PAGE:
I also took the opportunity presented by all this to install an under-counter filtration system at the wet bar.  We've been using a faucet-mounted Brita filter at that sink to get our drinking water, and we wanted to get rid of the unsightly and somewhat less convenient faucet-mount, with its expensive proprietary cartridges, in favor of an industry-standard filter holder and a dedicated spigot on the countertop.  This would also allow us to plumb the ice-maker into a filtered source, whereas before it was connected directly to the supply from the tank.

New PEX water lines (left), filter (center) and waste plumbing (right).

Redoing the fresh water plumbing meant removing the supply valves and a handful of fittings upstream, and I decided that now was as good a time as any to replace all the crappy galvanized steel pipe in this part of the system.  That added more than a full day to the project, involving ripping out some 40' or so of 1/2" galvanized pipe in the engine room and replacing it with PEX.  This has been a long time coming, and we now finally have at least one place in the boat where we can get fresh water that has not been flowing through decade-old galvanized pipe.  I still need to do this for the rest of the boat, but at least there is no galvanized potable plumbing left aft of the engine room bulkhead.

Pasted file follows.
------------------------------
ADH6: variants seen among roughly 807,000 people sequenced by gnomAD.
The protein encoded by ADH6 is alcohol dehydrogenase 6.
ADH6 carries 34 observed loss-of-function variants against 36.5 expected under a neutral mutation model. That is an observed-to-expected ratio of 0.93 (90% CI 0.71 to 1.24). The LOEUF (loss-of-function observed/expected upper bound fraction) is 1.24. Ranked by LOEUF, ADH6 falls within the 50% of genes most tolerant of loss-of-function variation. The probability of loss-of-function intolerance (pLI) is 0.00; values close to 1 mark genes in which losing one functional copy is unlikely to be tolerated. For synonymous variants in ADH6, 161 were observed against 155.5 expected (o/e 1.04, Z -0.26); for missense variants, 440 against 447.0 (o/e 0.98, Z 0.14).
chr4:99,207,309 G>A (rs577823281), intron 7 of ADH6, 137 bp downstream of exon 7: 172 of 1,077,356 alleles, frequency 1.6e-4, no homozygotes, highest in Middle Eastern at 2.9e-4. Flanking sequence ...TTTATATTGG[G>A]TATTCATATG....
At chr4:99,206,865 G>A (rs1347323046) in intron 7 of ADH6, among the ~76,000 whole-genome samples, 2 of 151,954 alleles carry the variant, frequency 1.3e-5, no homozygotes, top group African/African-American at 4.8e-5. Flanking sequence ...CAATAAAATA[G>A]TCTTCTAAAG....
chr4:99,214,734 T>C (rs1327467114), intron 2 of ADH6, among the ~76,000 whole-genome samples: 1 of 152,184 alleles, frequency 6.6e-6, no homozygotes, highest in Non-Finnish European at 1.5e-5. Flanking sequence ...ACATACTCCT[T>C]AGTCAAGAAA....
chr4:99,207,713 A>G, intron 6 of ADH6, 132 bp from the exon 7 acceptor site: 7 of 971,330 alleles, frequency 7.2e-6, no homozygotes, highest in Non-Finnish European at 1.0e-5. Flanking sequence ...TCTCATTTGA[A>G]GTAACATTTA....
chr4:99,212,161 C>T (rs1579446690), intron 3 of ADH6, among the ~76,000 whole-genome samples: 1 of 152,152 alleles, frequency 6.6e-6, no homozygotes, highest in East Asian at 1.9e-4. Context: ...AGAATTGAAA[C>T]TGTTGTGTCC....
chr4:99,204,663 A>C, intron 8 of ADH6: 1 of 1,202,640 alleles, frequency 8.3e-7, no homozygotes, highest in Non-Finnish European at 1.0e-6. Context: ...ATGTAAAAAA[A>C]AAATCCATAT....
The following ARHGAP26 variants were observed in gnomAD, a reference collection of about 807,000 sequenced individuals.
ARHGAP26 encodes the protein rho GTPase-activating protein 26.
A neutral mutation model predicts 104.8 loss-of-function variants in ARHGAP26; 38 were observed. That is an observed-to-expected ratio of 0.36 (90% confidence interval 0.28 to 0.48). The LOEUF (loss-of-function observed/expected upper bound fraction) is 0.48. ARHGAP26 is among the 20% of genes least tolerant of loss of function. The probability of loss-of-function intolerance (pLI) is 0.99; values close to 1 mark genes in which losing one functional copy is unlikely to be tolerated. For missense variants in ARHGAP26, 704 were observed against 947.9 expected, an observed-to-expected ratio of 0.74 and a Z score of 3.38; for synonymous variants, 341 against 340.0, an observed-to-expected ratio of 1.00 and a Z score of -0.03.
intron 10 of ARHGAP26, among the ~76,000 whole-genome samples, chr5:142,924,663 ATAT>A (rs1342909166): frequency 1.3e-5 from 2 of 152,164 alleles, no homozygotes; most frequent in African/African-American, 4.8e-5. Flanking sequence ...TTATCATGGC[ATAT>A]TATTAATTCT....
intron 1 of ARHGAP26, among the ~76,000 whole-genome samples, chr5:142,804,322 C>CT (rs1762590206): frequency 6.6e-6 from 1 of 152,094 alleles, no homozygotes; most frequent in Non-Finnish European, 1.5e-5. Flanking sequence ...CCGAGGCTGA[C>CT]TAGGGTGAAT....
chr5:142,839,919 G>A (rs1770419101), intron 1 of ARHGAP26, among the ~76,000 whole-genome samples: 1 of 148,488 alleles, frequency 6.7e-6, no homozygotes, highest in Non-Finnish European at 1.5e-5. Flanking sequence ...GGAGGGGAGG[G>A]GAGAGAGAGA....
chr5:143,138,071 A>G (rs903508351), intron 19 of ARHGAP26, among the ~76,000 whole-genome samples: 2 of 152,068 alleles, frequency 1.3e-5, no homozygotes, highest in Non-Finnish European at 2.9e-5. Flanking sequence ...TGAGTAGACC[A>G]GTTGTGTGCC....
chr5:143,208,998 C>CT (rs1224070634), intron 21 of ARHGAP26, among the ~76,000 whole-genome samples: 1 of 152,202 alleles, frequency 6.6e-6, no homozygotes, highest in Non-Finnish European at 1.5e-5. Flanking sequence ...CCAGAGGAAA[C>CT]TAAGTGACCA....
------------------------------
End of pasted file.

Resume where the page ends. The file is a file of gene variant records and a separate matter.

Countertops removed.  The duct at left carries HVAC from the unit below the counter to the grille in the upper cabinets and is normally covered by trim.

In order to get the wet bar countertop out (and the new one in), I also needed to disassemble the lowest level of the built-in wet bar bottle rack.  I had to pick up a brad nailer to put it all back in -- fortunately, there is a Harbor Freight in town and I was able to grab one on sale for $22, as I really didn't want to spend $80 or more on a "lifetime" tool to shoot perhaps four dozen brads for this and some other trim projects around the boat.

New wet bar counter and sink with new faucet at left and drinking water tap to its right.  You can tell what's important on our boat -- the wine is wearing its own life vest...